Morgan Stanley won the latest round in its high-profile battle with IT employee Arthur Riel, who was fired for sharing e-mails that revealed questionable practices at the firm. Riel lost on all counts of wrongful firing, prevailing only on a single breach-of-contract complaint.
A Southern New York District judge ruled that Morgan Stanley’s internal codes of conduct and ethics, which forbid retaliation against whistle-blowers, are not legally binding.
Riel prevailed on one count that the firm breached its executive incentive-compensation plan by firing him for cause in bad faith, thereby depriving him of stock and options worth several hundred thousand dollars.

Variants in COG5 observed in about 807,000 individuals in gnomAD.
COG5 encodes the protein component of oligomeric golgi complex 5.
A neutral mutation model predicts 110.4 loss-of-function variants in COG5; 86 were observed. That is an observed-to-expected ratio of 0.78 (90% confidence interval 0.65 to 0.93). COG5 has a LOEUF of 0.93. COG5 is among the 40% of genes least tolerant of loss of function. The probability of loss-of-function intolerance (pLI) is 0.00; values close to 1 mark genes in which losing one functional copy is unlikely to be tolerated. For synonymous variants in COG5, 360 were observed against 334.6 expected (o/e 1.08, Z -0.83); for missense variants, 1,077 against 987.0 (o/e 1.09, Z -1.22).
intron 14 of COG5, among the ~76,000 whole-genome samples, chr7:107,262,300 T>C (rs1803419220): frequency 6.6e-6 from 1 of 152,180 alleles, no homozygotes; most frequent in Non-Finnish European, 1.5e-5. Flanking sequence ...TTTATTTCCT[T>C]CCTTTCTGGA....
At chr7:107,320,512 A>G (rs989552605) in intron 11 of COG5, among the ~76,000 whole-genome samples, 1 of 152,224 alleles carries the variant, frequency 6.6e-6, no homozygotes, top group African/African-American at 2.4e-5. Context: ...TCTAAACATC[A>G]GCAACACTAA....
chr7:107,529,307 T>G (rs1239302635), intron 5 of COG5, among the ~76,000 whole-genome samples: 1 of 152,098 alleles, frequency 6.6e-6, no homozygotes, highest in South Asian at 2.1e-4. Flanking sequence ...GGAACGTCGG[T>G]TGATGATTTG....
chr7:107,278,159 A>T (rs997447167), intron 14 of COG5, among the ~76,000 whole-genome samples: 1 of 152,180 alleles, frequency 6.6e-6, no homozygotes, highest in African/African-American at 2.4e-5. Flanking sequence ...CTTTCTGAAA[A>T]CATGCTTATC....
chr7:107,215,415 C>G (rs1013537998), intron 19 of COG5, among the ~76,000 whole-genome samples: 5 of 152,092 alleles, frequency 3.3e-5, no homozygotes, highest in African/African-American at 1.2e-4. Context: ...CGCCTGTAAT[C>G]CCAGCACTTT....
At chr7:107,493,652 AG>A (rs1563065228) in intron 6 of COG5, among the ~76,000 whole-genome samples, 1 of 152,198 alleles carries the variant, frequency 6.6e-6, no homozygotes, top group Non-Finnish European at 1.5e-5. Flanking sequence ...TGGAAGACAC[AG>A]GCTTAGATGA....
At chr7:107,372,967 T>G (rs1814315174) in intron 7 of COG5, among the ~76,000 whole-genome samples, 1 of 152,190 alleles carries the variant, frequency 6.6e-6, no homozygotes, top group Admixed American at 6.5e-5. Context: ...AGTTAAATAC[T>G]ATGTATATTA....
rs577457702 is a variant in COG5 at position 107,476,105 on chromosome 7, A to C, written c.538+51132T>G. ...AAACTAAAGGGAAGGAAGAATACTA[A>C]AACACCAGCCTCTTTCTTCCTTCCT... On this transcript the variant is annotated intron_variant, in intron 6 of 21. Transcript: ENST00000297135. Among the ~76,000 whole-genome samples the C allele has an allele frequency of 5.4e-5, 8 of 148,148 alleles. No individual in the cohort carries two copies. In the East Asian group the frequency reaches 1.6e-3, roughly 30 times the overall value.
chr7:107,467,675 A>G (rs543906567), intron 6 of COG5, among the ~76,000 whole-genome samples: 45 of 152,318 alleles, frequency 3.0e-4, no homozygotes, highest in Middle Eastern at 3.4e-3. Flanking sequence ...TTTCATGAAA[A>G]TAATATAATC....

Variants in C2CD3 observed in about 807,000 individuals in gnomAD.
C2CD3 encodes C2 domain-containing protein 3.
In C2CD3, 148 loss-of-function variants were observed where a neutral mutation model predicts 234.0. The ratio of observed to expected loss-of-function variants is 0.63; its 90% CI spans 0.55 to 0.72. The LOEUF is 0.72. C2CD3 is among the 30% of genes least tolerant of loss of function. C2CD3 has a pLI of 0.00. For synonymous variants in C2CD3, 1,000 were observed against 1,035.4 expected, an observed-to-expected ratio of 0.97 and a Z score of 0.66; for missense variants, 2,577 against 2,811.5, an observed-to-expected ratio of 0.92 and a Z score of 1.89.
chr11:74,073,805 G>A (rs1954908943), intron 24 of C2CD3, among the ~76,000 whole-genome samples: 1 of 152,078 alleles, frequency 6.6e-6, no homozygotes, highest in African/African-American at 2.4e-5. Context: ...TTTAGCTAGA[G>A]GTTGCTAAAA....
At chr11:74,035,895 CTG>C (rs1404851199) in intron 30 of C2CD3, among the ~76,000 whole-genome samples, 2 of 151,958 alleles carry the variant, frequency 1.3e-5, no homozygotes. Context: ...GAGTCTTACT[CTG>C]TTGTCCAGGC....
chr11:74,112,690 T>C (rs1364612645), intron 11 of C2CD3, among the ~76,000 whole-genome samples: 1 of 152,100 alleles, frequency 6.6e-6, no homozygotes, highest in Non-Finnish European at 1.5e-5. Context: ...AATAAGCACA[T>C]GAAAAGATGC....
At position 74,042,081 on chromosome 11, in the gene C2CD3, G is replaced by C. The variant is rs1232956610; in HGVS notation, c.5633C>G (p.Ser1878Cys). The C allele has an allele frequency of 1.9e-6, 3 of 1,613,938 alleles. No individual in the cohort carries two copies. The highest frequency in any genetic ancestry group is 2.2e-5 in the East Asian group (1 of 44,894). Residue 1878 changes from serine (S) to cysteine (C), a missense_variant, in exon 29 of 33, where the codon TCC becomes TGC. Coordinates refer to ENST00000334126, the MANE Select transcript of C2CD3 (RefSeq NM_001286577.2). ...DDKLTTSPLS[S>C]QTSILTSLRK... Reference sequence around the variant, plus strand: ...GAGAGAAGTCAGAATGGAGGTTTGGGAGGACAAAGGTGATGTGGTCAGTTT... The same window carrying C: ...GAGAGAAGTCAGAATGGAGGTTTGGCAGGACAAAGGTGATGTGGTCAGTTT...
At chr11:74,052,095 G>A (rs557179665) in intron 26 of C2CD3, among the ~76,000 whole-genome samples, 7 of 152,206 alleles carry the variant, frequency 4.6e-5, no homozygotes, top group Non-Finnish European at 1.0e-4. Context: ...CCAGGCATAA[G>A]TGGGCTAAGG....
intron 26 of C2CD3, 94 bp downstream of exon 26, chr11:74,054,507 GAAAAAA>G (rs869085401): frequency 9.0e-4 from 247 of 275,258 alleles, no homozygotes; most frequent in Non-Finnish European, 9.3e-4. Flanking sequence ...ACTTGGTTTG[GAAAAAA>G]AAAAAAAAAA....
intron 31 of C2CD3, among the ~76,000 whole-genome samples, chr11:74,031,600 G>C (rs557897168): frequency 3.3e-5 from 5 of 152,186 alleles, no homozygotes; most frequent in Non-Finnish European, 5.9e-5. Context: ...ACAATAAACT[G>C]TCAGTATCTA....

Advice: Don’t take the court’s ruling about internal codes of conduct as a green light to retaliate against whistle-blowers. Depending on the accusations, employees could be protected by a number of federal and state laws.
- How to Fire an Employee the Legal Way: 6 Termination Guidelines
- 10 Secrets to an Effective Performance Review
- How does FMLA leave overlap with paid vacation, sick and personal leave?
- The hard truth by 'Z': How's your learning curve?
- Beware desperate 'whistle-blower': Document reason for firing to stop retaliation claim
- Returning soldiers aren't at-Will employees ... temporarily